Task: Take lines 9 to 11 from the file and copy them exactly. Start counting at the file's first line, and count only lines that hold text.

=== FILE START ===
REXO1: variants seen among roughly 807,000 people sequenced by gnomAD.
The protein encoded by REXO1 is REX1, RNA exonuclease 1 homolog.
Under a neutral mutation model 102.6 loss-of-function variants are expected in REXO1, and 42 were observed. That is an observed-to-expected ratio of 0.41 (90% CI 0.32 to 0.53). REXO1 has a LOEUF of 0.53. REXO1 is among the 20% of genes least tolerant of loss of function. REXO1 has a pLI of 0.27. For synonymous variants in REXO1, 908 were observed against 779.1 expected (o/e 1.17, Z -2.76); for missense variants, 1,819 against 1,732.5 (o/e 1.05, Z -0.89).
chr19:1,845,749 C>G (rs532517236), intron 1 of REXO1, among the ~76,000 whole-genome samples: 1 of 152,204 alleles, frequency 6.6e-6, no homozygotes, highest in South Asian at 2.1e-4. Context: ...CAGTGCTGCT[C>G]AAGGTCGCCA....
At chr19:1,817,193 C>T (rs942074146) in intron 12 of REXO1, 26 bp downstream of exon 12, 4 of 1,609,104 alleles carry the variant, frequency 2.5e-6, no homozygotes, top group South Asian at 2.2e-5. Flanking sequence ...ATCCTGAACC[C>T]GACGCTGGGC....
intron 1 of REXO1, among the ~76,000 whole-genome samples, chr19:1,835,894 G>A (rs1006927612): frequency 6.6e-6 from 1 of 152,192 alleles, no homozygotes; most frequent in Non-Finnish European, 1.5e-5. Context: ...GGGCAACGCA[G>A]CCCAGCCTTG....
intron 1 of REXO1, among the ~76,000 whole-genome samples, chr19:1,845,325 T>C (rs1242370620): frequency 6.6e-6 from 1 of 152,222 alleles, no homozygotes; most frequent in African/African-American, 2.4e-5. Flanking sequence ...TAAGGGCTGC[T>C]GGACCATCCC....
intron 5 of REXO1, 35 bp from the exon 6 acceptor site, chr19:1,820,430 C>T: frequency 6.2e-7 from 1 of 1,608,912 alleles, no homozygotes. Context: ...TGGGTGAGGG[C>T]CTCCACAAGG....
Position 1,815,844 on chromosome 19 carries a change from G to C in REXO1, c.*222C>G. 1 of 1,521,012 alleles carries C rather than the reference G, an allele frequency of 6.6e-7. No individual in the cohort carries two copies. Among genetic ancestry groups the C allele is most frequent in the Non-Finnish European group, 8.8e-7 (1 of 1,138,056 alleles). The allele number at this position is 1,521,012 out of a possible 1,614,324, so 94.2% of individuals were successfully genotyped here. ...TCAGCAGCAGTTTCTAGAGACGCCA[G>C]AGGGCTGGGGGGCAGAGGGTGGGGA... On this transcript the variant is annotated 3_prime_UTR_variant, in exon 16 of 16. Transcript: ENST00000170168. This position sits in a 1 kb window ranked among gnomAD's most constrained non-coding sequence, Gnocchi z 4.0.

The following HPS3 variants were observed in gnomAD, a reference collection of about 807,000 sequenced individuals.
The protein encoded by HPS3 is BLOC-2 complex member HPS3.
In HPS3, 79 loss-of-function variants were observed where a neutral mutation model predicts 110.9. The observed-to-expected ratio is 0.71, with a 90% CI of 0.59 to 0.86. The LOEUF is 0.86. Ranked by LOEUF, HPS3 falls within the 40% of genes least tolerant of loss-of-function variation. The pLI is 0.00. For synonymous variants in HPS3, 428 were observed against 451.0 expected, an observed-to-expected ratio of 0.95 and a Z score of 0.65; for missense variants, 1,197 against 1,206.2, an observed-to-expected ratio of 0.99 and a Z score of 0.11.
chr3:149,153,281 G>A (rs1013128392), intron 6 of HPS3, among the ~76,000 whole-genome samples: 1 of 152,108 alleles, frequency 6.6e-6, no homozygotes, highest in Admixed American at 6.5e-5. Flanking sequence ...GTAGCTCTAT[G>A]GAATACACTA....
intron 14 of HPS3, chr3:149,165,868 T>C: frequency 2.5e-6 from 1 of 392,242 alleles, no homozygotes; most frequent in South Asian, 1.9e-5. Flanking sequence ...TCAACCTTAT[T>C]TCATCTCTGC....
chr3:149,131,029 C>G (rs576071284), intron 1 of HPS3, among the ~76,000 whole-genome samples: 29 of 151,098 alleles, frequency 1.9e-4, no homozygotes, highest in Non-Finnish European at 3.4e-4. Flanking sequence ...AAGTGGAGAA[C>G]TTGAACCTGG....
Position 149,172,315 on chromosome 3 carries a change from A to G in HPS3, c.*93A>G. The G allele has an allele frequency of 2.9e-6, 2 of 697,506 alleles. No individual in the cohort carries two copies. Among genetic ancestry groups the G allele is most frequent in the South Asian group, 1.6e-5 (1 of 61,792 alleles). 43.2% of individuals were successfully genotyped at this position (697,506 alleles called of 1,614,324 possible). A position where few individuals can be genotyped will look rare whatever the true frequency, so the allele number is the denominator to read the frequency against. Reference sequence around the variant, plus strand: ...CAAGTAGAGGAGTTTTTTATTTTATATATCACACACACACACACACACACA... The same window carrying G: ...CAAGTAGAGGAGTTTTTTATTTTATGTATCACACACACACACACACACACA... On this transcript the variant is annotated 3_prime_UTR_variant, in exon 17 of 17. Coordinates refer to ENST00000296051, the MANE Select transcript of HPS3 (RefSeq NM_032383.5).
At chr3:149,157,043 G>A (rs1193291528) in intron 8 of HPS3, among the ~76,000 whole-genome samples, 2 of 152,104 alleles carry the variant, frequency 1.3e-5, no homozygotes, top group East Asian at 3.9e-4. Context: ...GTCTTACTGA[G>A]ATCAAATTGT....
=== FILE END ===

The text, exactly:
Position 1,815,844 on chromosome 19 carries a change from G to C in REXO1, c.*222C>G. 1 of 1,521,012 alleles carries C rather than the reference G, an allele frequency of 6.6e-7. No individual in the cohort carries two copies. Among genetic ancestry groups the C allele is most frequent in the Non-Finnish European group, 8.8e-7 (1 of 1,138,056 alleles). The allele number at this position is 1,521,012 out of a possible 1,614,324, so 94.2% of individuals were successfully genotyped here. ...TCAGCAGCAGTTTCTAGAGACGCCA[G>C]AGGGCTGGGGGGCAGAGGGTGGGGA... On this transcript the variant is annotated 3_prime_UTR_variant, in exon 16 of 16. Transcript: ENST00000170168. This position sits in a 1 kb window ranked among gnomAD's most constrained non-coding sequence, Gnocchi z 4.0.

The following HPS3 variants were observed in gnomAD, a reference collection of about 807,000 sequenced individuals.
The protein encoded by HPS3 is BLOC-2 complex member HPS3.